About the Labs and their (former) directors:
- Gabriella Gómez-Mont is the Founder of The Urban Task Force and former Director of the Laboratorio Para La Ciudad, Mexico City: the experimental arm/creative think tank of the Mexico City government, reporting to the Mayor. The Lab closed its doors in 2018. It was a place to reflect about urban issues and to explore alternative social scripts and urban futures for the largest megalopolis in the western hemisphere. The Lab worked across diverse areas, such as urban creativity, mobility, governance, civic tech, public space, creating links between civil society and government, while constantly changing its shape in order to accommodate multidisciplinary collaborations. Political and public imagination was at its center.
- Marco Steinberg is the Founder of Snowcone & Haystack and former Director of the Helsinki Design Lab, which closed in 2013. The Helsinki Design Lab aimed to make government leaders see the “architecture of problems” through strategic design-led policy, by assisting decision-makers to view challenges from a big-picture perspective, and provide guidance toward more complete solutions that consider all aspects of a problem.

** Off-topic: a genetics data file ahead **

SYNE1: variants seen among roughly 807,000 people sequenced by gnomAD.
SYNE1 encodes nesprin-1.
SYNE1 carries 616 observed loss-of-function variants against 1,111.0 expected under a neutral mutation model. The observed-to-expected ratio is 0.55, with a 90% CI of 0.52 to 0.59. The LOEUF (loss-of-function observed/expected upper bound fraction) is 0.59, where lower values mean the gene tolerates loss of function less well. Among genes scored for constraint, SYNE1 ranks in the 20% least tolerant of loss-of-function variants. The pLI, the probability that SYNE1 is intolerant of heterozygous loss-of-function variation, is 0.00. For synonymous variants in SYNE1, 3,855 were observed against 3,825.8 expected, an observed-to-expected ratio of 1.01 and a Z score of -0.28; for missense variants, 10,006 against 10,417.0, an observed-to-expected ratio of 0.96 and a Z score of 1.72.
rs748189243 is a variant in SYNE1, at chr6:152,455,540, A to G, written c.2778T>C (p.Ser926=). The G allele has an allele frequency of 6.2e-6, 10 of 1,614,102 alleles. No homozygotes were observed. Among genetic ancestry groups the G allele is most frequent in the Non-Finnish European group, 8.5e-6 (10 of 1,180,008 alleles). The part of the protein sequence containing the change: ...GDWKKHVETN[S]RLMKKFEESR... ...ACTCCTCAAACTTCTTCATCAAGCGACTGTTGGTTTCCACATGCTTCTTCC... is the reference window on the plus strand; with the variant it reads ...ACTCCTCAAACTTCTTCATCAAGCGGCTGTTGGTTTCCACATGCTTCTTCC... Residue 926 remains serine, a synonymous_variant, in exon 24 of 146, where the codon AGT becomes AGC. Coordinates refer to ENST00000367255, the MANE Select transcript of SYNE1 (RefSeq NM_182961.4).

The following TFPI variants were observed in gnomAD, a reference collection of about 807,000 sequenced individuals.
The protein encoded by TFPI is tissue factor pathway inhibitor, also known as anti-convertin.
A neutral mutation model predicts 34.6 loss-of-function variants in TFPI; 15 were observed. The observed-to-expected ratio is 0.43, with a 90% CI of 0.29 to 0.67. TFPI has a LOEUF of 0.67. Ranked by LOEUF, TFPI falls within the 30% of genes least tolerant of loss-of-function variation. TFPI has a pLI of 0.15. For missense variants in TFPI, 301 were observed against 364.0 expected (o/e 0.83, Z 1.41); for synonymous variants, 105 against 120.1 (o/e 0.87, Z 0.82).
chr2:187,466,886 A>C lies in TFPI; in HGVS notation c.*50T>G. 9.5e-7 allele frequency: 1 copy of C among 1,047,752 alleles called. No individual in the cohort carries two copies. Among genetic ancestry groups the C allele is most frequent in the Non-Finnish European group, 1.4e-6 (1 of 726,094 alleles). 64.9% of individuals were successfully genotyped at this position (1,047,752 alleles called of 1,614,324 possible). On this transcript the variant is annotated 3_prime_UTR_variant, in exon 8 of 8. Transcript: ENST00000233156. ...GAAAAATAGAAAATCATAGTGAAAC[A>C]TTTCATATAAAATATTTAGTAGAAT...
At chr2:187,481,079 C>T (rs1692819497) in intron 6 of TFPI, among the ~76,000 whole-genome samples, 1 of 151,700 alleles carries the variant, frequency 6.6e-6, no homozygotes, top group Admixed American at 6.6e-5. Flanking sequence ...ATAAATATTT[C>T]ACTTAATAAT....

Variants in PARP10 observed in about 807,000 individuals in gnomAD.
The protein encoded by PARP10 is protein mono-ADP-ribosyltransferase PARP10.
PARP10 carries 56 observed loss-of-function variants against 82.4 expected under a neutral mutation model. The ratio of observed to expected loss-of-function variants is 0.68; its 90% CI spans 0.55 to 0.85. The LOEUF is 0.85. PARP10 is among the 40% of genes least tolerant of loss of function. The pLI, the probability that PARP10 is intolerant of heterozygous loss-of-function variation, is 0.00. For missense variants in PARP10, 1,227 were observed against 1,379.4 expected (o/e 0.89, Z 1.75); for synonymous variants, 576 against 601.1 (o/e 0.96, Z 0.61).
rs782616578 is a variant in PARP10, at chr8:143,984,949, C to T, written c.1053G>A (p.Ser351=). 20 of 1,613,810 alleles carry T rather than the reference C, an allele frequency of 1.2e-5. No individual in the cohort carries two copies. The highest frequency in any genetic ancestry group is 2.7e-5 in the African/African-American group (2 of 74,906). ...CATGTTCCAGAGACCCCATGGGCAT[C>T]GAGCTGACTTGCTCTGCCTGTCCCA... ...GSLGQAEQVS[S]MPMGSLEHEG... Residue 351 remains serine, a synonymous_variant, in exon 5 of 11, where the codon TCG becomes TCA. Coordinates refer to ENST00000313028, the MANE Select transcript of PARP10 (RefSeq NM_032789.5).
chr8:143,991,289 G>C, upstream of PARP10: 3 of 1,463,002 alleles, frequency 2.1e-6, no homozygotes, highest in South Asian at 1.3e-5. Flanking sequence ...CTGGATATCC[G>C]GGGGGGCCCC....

- Andrea Siodmok is Director at the UK Policy Lab and was opened in 2014. The Lab was the first its kind in UK and is now an award-winning start-up in government, based in the Cabinet Office and seed-funded by the Policy Profession. The Lab works with policy teams to improve the ‘pace, quality and deliverability of policy in the Civil Service’, by supporting policy-makers across government with cutting-edge tools and practices, while working on key priorities such as homelessness, employment support and crime reduction, Andrea Siodmok explains.